The patient experience is the sum of all interactions shaped by an organization's culture that influence patient perceptions across the continuum of care. -- The Beryl Institute
The Patient Experience team features someone from each department. It is a voluntary endeavor for employees.
Patient Experience Team
Craig Norris, quality management/admin
Kristen Dorman, CT and Sarah Allen, imaging
Steven Randall and Alannah Sells, security
Kendra Petty, SLP, and Nicholas Tudor, OT, therapy services
Kathleen Cavanary, 5-East, med/surg and peds
Sydnee Mills, registration
Angie Cowan and Jennie Littrell, food and nutrition
Rich Williams and Will Huffine, respiratory therapy
Jessica Obenburger and Tambra Blackburn, 4-North cardiac and 4-West
Sara Makyala Blaylock, OB
Ashley Sherfield, laboratory
Sam Durham and Ashley Pallone, CVICU
Debbie Sandoval, PACU/surgery
Shalane Ragsdale and Samantha Haney, 6-North
Colleen Markwood and Crystal Wilson, 6-East
Lisa LaRoche and Bridget Johnson, cath lab
Jennifer King and Jennifer Mathis, environmental services
Donna Dutton and Rachael Plant, emergency room
Jessica Heady Dawes and Bonnie Randolph, ICU
Ingrid Robinson, transporter
Carrie Rodgers, 4-East
Crystal Wilson, 6-East
Shana Gago, customer service manager
Gathering patient and family opinions and information about their experiences at Cookeville Regional Medical Center
Meeting with patients and asking questions that are directly related to the care and services they are receiving. All responses are confidential and patients are encouraged to be open and direct.
Going beyond patient satisfaction scores and having a conversation with our patients about their expectations and experiences.
Sharing patient appreciation for staff members by recognizing staff with Sunshine Award recognition.
Meeting regularly with the Patient and Family Advisory Council (PFAC) that consists of former patients who can provide “the patient perspective.” This input helps guide organizational changes or decisions related to the delivery of care and customer service.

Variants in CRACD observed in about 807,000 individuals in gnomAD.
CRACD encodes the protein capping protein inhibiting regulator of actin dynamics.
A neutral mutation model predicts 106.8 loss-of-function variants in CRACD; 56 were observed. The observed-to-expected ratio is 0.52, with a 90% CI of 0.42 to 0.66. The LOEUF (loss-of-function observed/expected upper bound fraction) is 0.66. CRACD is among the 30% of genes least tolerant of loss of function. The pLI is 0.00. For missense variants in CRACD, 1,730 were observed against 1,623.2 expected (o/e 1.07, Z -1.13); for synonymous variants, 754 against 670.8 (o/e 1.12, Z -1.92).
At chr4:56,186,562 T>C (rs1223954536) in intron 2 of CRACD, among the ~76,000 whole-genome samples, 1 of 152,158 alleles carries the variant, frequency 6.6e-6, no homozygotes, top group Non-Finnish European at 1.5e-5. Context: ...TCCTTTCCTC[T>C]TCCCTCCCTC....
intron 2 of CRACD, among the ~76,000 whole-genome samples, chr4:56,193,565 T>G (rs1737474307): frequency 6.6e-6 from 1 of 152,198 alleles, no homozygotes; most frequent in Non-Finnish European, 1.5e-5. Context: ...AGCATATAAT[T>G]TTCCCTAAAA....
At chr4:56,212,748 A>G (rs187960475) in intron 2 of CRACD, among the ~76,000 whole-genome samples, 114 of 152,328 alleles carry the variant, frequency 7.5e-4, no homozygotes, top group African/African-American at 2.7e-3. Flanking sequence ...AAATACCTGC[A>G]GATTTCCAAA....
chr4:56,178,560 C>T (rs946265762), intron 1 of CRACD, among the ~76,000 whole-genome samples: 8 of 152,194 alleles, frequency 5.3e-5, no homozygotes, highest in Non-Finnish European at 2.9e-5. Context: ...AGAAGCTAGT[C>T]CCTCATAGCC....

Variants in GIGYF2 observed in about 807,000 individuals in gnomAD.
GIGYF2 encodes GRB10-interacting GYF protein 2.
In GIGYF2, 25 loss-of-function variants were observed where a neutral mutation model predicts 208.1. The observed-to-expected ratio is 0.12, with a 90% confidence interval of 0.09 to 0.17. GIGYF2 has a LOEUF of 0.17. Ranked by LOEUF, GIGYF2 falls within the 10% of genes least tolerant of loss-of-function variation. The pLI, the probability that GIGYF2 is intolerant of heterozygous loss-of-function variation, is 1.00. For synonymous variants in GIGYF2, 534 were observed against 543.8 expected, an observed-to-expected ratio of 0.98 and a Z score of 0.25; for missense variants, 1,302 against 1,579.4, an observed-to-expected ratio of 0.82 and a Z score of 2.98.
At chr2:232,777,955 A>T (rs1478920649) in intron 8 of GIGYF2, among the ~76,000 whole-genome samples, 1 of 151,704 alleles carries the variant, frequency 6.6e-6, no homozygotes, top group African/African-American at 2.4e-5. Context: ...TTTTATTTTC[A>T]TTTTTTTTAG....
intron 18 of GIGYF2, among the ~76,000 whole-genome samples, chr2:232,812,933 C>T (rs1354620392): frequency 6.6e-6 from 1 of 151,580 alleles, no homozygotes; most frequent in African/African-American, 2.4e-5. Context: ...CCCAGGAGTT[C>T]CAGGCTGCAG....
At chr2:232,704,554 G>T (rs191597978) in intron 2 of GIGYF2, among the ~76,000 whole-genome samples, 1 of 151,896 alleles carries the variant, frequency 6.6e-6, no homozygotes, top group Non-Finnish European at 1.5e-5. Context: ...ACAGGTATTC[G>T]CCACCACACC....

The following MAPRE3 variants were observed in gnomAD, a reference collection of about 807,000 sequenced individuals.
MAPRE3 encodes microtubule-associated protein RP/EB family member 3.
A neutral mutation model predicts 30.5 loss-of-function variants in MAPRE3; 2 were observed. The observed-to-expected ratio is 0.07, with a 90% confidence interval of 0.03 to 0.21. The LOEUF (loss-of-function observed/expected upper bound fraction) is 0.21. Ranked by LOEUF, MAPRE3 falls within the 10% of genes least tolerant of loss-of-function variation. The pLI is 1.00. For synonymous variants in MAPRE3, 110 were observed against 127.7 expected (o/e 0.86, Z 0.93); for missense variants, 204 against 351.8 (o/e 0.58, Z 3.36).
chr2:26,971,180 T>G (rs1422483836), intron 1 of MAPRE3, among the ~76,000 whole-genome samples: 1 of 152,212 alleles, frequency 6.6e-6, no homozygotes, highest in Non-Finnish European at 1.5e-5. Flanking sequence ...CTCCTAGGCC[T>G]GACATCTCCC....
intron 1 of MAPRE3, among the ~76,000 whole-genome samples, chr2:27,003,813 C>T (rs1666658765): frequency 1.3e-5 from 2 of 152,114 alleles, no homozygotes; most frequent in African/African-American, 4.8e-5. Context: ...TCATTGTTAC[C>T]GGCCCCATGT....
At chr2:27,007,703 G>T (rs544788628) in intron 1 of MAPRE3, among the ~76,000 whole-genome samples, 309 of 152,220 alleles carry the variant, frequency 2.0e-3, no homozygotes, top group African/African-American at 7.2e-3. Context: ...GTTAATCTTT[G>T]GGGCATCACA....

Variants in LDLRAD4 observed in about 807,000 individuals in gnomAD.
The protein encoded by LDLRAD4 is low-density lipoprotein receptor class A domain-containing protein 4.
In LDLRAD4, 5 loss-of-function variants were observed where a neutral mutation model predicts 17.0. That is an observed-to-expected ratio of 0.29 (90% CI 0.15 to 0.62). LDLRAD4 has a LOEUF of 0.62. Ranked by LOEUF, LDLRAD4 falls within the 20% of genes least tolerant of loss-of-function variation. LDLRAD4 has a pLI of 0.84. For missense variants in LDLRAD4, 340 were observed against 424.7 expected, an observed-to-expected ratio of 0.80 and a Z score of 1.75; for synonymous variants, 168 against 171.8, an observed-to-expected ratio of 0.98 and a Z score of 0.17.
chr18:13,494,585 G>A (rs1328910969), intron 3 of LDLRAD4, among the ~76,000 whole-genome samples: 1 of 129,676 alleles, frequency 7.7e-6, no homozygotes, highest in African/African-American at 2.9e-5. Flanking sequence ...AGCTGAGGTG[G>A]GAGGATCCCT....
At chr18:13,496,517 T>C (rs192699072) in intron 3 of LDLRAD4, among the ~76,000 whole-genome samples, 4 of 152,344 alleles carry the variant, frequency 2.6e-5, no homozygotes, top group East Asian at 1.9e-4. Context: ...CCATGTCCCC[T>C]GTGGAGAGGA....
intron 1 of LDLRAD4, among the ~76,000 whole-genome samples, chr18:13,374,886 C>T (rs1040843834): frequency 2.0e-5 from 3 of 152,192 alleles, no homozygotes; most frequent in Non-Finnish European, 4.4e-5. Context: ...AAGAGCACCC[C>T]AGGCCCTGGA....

The Sunshine Award was created by the Patient Experience Team as a way to honor ancillary and support staff who commit to striving for excellence in their role, consistently deliver exceptional care or service, upholds the highest standards and collaborates with other staff to enhance the experience of our patients, family members and guests.
Brent Davidson, RRT. Honored for saving the life of a co-worker who was choking.
Cheryl Rivera, interpretive services coordinator. She (anonymously) donated items to families in need, such as diapers and handmade hats and blankets for the new babies.
Albert Hawco, environmental services. He went above and beyond for patients on 6E when he was waxing the floors. He answered call lights and took patients what they needed, putting their needs first, along with the safety of the nurses and other staff.
Martha Blackmon, PCA/unit secretary on 5East. She received multiple nominations. One includes her interaction with a Spanish speaking patient who had been on the floor a while. This patient did not have visitors and was not progressing. Martha made sure to visit with him regularly, sit with him and let him talk, encouraging him in his progress and helped him walk the halls. She noticed he wasn’t eating, so she, without being asked, took it upon herself to go home after work in the evenings and cook for him. He started to eat more and more. It is believed her role in his care played an important part of the patient’s recovery.